TRIP AROUND THE SUNIt's been almost 12 months since I gushed about Some Rap Songs, Earl Sweatshirt's third studio album and 25 minute meditation on mortal grief. At the time I praised Earl's collaboration with artists from the New York underground, shaping his sound with the likes of Standing On the Corner and Adé Hakim.
In spite of its brevity, Some Rap Songs remains a shrouded quandary, one brimming with effortless prophecies waiting to be unpacked for years to come. In the wake of this abstract classic came Earl's return to independence, severing a 6 year partnership with Columbia Records to "Do riskier shit".
Feet Of Clay is a 7 track sample of this new direction, and Earl doesn't seem to be coming up for air any time soon. Its title based on a Biblical tale foretelling the end of empires, Sweatshirt paints a grim and complex picture of the uncertain future. Opener 74 comes bursting out the gate with a burdened beat crumbling under its own weight and hypnotic flows demanding of close attention.
"Sellin' kids culture with death, circlin' like carrion
The more the merrier, phone got you livin' vicarious
Ice melting 'cause it's so hot
The veil lifts, the pain salient"
Deteriorating song structures make extracting quotes from their original context a difficult task as Earl's serpentine train of thought integrates each line into a larger whole. It's a trait shared by some of hip-hop's greatest lyricists, unique ideas coalesce to reinforce the MC's character. Even if you're rarely left with a clear picture, each line carries enough weight to make its mark.
Consistency is key here given most tracks barely reach the 2 minute mark. Earl has trimmed so much fat off his music I'm worried it might be malnourished, taut skin stretched across the bones of pseudo-philosophic musings and pessimistic comparisons. EAST exemplifies 'less is more' with its 3 second sample of Arabic strings looped ad-infinitum. Earl's delivery matches this off-kilter tone with lackadaisical bars tackling the loss of those close to him. I was initially thrown off by this contrast but further listening reveals EAST as one of the young MC's finest lyrical moments.
"The wind whispered to me, "Ain't it hard?"
I wait to be the light shimmering from a star
Cognitive dissonance shttared and the necessary venom restored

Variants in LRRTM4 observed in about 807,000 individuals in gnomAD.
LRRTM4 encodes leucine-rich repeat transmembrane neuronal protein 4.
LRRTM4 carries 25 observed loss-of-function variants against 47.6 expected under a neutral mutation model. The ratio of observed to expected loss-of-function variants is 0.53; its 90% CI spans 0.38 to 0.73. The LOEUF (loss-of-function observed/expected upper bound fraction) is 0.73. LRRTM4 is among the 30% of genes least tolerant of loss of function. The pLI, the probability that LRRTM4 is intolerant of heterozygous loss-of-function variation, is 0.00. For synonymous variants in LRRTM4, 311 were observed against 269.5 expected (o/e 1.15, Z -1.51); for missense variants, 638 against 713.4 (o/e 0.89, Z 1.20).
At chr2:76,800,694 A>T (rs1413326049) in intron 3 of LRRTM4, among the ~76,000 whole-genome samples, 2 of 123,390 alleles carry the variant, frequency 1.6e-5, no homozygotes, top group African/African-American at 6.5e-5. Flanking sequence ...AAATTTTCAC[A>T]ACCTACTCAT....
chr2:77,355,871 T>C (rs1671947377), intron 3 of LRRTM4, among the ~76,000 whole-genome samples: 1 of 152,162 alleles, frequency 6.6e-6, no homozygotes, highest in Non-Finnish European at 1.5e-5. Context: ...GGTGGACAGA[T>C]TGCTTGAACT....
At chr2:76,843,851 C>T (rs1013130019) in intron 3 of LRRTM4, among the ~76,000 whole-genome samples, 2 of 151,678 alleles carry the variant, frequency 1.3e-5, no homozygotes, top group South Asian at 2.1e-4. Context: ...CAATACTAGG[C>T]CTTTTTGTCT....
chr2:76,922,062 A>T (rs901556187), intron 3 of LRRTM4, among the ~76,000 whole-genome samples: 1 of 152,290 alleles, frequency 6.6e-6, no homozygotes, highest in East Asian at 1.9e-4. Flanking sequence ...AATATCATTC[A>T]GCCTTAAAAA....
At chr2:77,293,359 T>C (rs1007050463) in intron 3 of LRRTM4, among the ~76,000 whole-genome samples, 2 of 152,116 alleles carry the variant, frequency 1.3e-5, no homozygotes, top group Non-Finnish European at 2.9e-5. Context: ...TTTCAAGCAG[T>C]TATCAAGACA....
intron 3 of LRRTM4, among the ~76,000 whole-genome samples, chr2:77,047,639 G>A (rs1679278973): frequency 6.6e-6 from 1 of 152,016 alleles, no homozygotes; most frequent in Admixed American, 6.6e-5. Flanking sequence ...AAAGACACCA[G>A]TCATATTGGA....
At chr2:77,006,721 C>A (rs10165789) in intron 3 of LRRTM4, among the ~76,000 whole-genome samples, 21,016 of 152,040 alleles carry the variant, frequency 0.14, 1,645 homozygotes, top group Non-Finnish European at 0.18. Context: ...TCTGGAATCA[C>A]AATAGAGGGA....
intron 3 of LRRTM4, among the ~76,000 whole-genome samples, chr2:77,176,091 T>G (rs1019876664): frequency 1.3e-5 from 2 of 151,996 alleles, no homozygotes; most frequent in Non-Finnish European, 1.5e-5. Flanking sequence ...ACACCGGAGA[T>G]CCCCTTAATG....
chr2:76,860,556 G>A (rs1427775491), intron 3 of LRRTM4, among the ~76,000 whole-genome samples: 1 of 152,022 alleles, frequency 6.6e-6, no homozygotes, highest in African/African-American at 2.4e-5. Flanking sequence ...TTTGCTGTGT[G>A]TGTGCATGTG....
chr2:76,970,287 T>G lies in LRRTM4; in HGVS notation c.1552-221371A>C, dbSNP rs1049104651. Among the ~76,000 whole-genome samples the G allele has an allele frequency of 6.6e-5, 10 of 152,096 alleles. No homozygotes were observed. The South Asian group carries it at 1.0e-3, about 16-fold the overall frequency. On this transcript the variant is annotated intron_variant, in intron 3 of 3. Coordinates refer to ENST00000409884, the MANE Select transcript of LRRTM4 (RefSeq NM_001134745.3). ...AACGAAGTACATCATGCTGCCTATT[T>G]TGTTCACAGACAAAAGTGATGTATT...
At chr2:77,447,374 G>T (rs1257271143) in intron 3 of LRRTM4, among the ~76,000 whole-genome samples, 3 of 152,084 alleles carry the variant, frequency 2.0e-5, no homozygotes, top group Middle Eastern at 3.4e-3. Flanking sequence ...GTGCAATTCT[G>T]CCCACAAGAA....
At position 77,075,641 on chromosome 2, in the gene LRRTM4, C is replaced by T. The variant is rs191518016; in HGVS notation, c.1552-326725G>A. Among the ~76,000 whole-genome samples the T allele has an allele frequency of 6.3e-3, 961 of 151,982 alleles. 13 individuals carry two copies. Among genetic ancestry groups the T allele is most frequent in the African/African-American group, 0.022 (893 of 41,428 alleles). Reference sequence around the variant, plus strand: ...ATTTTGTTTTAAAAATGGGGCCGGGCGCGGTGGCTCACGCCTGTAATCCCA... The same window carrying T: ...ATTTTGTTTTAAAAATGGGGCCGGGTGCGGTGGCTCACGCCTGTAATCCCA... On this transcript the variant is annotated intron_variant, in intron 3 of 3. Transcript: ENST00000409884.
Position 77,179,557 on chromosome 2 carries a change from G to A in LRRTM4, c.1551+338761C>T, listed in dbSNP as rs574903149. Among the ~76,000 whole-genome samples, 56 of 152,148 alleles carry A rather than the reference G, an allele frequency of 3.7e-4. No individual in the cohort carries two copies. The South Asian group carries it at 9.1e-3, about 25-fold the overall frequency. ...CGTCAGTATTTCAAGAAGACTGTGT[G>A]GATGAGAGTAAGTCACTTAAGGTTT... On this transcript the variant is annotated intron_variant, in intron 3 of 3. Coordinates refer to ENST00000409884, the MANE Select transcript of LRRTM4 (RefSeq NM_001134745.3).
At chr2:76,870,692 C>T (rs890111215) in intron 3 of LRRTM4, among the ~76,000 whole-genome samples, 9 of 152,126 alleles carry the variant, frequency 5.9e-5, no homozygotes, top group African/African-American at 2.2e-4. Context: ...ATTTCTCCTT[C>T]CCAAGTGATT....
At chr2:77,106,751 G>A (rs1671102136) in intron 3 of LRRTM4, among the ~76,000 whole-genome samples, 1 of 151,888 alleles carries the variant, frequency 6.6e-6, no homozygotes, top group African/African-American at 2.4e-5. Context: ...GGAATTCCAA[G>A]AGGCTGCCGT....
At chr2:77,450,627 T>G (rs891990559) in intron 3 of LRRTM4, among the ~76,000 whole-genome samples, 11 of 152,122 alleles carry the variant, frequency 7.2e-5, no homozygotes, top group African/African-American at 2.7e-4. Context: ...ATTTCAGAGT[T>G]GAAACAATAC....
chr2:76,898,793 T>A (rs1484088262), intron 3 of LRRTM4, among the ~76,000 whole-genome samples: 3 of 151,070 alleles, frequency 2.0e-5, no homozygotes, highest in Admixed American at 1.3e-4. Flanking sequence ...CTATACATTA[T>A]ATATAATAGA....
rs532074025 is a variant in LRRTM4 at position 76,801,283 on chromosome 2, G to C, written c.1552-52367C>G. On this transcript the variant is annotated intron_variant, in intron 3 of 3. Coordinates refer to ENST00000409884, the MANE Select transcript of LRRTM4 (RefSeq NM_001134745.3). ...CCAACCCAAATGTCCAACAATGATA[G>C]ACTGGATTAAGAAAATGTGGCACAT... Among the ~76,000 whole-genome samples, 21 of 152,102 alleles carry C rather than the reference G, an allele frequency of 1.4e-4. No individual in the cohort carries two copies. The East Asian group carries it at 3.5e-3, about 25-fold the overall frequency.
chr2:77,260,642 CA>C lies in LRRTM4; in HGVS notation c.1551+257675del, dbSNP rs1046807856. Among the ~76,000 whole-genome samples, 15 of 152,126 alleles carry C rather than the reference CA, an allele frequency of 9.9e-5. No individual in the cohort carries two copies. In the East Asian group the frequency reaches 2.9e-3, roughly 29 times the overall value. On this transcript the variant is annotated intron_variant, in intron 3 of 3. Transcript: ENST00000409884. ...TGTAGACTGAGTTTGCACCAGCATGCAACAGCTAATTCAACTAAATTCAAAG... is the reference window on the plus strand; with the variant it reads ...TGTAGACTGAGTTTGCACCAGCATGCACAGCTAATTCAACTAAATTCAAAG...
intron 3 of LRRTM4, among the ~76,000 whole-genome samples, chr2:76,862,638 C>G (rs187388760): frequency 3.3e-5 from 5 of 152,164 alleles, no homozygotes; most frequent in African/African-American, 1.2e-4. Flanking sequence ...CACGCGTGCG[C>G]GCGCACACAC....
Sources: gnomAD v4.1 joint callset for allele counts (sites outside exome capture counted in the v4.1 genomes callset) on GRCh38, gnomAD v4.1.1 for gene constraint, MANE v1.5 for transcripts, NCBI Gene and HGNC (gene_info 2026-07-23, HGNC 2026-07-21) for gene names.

As if it matters if you think it matters anymore"
It's followed by the somber MTOMB, flipping legendary percussionist James Mtume into a soulful reflection. I'm inclined to believe these beats are self-produced, given Earl's increased creative control over his music. They're a less consistent batch than on Some Rap Songs, but still a perfect fit for what Sweaty is trying to accomplish. The EP's latter half brings an unexpected dose of positivity, grabbing cuts from heartfelt sung melodies and upbeat instrumental numbers.
NY protegé Mavi features on EL TORO COMBO MEAL and does his best to match Sweatshirt's standards. Both verses are brutally honest but I couldn't get past his derivative style. Mach-Hommy is a welcome switch-up on nearly 5 minute closer 4N, a marathon length in Earl's timeline. The song is largely instrumental but it's such a good one I didn't mind the repetitive beat. Mach brings an unusually gritty performance that pairs wonderfully with Earl, ending things on an uncertain note.
There's no doubt Earl Sweatshirt has come into his own as a once-in-a generation writer, delving deeper into New York's hypnoagogic sound to find a powerful voice. I find it near-impossible to fault his performances despite their intentional obfuscation that puts so many off. Next to Some Rap Songs it seems Earl is in a better place, but the themes he's grappling with are as heavy as ever. If you enjoyed the density of his last release, Feet Of Clay is a welcome second helping sure to placate. Most hip-hop listeners however are likely to bounce straight off. Earl's experimental forays have already earned the ire of long-term fans, making them all the more admirable in my eyes.
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